The case gained enormous media attention in the United States and Russia. But, despite the excitement about the case, members of the alleged Russian spy ring did not seem to have accomplished anything. They were charged only with conspiring to act as unregistered foreign agents.

Andrei Kutzonof of New Eurasia does not think they will receive too much publicity back in Russia.

"It's hard to believe that they will be treated like heroes. Indeed, it's not clear what they have accomplished, but I think that it would be fair to assume that they haven't accomplished a lot," Kutzonof adds. "And some of their statements might be an embarrassment to the Russian intelligence."

In accordance with their plea agreement, the suspects cannot return to the United States without special authorization. They also are barred from making any money in the United States by selling their stories of life undercover.

An eleventh member of the suspected Russian spy ring was detained in Cyprus, but disappeared after being released on bail.

You May Like

Photogallery Oxfam: Ebola Could Be 'Disaster of Our Generation'

Meanwhile, Fidel Castro, the former leader of Cuba, says the Caribbean island nation will 'gladly cooperate' with the US in the fight against Ebola in West Africa More

Multimedia Kobani Fighting Sends 400,000 Refugees to Turkey

Refugees receive help from Turkish authorities and individuals, but say much more is needed More

India’s Ruling Nationalist Party Makes Gains in Regional Elections

Bharatiya Janata Party’s huge margin over its rivals puts it on course to form governments in the northern Haryana and western Maharashtra states More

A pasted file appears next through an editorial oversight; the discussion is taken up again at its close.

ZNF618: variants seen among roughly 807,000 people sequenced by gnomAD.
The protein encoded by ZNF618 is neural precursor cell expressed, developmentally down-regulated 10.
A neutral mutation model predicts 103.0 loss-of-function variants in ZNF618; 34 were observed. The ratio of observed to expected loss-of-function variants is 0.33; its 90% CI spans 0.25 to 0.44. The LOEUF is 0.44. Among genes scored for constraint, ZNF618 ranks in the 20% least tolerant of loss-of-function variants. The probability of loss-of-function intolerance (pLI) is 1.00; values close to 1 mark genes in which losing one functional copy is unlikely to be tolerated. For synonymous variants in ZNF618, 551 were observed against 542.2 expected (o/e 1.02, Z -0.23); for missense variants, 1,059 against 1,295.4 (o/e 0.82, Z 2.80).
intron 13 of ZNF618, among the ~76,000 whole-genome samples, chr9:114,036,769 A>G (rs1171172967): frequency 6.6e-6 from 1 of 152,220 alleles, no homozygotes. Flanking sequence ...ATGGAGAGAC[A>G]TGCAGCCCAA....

This forum has been closed.
Comments
     
There are no comments in this forum. Be first and add one

Featured Videos

Your JavaScript is turned off or you have an old version of Adobe's Flash Player. Get the latest Flash player.
Exclusive: American Joins Kurds' Anti-IS Fighti
X
Zana Omer
October 18, 2014 6:37 PM
The United States and other Western nations have expressed alarm about their citizens joining Islamic State forces in Syria and Iraq. In a rare counterpoint to the phenomenon, an American has taken up arms with the militants' Syrian Kurdish opponents. Elizabeth Arrott has more in this exclusive profile by VOA Kurdish reporter Zana Omer in Ras al Ayn, Syria.
Video

Video Exclusive: American Joins Kurds' Anti-IS Fight

The United States and other Western nations have expressed alarm about their citizens joining Islamic State forces in Syria and Iraq. In a rare counterpoint to the phenomenon, an American has taken up arms with the militants' Syrian Kurdish opponents. Elizabeth Arrott has more in this exclusive profile by VOA Kurdish reporter Zana Omer in Ras al Ayn, Syria.